Why I Now Love the World Cup

I have to start this post with a confession.

We have been struggling with Home Ed.

Whilst Bean has been making progress, it has been a battle to get him to do anything. It’s been hard for all of us and it got to the point this week where I had had enough.

Image courtesy of vectorolie / FreeDigitalPhotos.net

Image courtesy of vectorolie / FreeDigitalPhotos.net

And so we sat down with Bean and talked about what wasn’t working. We gave him options, ranging from going back to school (met with horror), having a completely structured home education (met with almost as much horror) and other options in between. He decided on a project based, fairly unstructured approach, which is actually what I had envisaged when we first started out, but had been unable to get him to engage with. We discussed what this might mean, how education might look this way and he was happy with it. So then we asked him to spend the rest of the evening thinking of the topic he wanted to start with, and just before bedtime, the answer came : The World Cup.

And so this is how the biggest wall in our living room came to be covered with an enormous map of the world. Bean asked what I was putting it up there for. I explained that I thought we could explore the various countries taking part in the world cup. He was delighted – apparently we are combining his two favourite subjects and he’s really excited by the suggestions I made. He spent half an hour just exploring the map and has made a start on drawing the flags of the 32 countries taking part.

When that’s done, we’re going to look at each of the eight groups in the World Cup – using a booklet for each, we’ll track the games and scores and find out more about each of the countries. As the competition progresses, we’ll go more in depth about the countries that go further. We’ll be including art and design, maths, English, geography, history and anything else that takes our fancy as we make our way through this together. He looked happy. I felt happy.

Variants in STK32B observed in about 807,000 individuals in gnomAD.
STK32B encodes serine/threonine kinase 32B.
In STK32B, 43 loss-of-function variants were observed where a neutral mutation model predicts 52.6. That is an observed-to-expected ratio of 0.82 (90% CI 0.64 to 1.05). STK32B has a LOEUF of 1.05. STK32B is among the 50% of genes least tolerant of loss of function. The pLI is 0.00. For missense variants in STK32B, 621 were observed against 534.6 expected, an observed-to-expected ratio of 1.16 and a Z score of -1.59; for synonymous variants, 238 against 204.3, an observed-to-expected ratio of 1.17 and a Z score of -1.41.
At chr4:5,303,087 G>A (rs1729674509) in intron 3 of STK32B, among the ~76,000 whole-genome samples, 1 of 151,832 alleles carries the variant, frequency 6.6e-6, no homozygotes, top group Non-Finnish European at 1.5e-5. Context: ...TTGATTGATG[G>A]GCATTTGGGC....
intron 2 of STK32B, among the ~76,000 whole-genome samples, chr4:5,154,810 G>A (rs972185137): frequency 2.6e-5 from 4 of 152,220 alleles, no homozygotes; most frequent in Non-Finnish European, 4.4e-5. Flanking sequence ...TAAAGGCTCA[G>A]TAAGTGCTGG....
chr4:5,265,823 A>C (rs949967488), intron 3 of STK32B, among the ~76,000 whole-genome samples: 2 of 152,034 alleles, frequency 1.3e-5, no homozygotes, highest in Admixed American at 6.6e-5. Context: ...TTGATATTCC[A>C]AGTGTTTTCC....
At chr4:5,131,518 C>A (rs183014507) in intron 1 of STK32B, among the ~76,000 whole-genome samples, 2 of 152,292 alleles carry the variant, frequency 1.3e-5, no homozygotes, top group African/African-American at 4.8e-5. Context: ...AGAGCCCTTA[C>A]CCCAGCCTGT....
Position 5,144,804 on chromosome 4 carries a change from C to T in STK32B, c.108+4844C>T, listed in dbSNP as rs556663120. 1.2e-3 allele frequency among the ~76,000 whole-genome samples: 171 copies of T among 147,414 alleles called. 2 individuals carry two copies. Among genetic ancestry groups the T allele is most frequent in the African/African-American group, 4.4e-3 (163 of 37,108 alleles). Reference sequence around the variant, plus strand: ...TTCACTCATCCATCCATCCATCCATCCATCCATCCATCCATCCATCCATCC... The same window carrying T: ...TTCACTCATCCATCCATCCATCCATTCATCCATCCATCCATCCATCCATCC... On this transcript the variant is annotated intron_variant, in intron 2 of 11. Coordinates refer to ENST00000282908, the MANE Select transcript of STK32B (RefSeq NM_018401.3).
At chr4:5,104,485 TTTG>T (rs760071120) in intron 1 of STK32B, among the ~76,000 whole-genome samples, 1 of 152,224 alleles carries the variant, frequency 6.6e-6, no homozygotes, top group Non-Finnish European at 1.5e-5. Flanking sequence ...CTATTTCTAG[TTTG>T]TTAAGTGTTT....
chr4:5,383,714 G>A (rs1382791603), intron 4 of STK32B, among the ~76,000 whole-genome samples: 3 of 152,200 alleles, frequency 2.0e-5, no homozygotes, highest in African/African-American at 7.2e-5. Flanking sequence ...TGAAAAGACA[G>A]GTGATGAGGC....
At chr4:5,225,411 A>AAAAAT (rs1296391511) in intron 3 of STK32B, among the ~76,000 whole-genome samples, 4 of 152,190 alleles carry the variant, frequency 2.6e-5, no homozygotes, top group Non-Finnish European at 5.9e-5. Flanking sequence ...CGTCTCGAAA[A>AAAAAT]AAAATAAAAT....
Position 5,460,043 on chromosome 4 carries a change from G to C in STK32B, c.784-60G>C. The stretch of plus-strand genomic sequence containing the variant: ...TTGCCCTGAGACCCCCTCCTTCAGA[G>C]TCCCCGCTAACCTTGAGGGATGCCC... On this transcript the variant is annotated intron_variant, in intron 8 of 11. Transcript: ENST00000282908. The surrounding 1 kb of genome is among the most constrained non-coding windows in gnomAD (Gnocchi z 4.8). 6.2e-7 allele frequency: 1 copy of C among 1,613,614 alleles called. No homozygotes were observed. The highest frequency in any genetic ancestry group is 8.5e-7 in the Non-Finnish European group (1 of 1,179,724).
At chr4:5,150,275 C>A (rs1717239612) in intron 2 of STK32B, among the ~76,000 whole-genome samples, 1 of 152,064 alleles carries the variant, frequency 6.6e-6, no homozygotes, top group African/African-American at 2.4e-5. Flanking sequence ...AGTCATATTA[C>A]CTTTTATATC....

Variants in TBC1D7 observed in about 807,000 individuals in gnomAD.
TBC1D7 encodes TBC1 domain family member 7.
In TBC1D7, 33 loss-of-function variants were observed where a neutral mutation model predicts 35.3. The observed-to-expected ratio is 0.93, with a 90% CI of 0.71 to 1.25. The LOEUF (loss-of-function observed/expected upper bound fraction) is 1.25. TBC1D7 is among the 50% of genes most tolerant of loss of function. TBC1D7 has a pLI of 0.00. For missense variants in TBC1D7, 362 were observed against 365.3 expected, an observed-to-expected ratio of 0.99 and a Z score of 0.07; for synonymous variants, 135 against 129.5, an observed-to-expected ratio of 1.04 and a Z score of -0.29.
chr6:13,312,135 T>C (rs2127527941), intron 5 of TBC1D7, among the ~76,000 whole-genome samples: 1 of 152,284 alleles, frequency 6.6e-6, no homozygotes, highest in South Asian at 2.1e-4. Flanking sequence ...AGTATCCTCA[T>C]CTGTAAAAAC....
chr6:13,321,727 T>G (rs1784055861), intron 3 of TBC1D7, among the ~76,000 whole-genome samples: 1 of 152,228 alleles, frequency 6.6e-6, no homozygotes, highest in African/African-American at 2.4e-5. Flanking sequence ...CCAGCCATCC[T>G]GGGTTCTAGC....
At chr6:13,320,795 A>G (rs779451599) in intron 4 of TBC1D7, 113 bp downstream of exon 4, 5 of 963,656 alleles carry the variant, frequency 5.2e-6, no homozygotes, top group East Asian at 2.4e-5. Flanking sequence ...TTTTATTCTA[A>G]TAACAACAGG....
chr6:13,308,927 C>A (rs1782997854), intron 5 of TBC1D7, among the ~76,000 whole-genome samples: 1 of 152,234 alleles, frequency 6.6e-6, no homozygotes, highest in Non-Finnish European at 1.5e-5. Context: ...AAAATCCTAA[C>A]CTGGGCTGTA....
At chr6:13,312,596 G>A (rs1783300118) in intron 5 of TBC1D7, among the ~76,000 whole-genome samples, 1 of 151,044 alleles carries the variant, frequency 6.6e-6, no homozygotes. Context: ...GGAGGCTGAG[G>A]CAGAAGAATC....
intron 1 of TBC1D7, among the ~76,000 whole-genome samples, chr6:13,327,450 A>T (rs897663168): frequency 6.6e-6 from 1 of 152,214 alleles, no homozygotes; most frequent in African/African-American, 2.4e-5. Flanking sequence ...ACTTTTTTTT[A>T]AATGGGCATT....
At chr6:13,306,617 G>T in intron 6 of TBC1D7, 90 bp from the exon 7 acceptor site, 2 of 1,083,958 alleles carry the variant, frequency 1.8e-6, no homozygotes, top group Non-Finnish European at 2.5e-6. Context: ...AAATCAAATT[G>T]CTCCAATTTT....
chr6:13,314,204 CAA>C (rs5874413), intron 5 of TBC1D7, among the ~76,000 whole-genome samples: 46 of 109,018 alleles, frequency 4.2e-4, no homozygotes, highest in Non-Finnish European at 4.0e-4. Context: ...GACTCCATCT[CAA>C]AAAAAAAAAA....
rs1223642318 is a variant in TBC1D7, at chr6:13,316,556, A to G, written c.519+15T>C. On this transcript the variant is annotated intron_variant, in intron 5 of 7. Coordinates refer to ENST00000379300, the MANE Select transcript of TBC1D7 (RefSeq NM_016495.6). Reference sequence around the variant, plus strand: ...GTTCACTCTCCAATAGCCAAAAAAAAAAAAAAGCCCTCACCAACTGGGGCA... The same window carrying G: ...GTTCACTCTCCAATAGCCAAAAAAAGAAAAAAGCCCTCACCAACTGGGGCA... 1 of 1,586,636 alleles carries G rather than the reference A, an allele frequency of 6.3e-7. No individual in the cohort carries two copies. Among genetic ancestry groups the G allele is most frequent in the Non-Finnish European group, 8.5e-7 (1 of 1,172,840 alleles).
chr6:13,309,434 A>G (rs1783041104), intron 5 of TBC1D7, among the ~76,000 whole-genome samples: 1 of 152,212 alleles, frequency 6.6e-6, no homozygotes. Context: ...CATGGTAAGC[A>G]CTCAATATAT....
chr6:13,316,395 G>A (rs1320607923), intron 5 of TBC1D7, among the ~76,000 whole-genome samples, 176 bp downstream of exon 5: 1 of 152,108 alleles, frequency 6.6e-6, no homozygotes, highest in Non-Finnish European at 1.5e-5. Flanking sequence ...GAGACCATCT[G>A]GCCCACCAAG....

And, because he seems to have known that something needed to change anyway, he has *finally* agreed that we can start going to some of the local Home Ed meetups. We start this week with a Home Ed Geocaching walk – something he couldn’t resist.

So, it’s taken us 6 months, but I think he is finally ready to really begin this journey.

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8 comments on “Why I Now Love the World Cup

  1. Firstly let me say ‘hello’ and it is lovely to meet you. This post is so honest and it had been a pleasure to read it.
    It can be hard to find your stride at the beginning because I think that as parents our expectations can be very different at first to those of our children. It takes a few months to really settle in to a style of learning which suits but once you get there everything changes. I’m sure that Bean will be excited and engaged now that he has found a way of learning which he is comfortable with.

    Thanks so very much for linking up with this weeks #homeedlinkup 🙂

  2. Great idea with the world cup; my younger brother is home educated (he’s 9) and it’s lovely to read other stories about home ed! 🙂

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  4. I loved reading your posts – I have to say I’m glad it’s not just me who’s been struggling to get their child to engage! I think you’ve done the right thing – start with his interest and go from there. He’ll be a world expert soon 🙂

  5. I love the idea of learning about each country during the world cup! May I ask, why is it you home school and for how long have you been doing it?

    • We’ve been home educating Bean since November. Plum is learning to read at the moment as well, and we’re not planning on sending either her or PK to school at all.

      We home educate for a number of reasons – we have lost faith in the education system, with all the changes made, which we don’t think bring any benefit to children. There were other reasons too, such as constantly battling for him to be given reading material which matched his reading ability (four years ahead of his actual age) and for to him to be able to work to his ability in maths.

  6. That is great news! My sons are 6 and 3 and haven’t gone/won’t be going to school. We follow a similar approach of using their interests to build in various activities and it works well (usually!).

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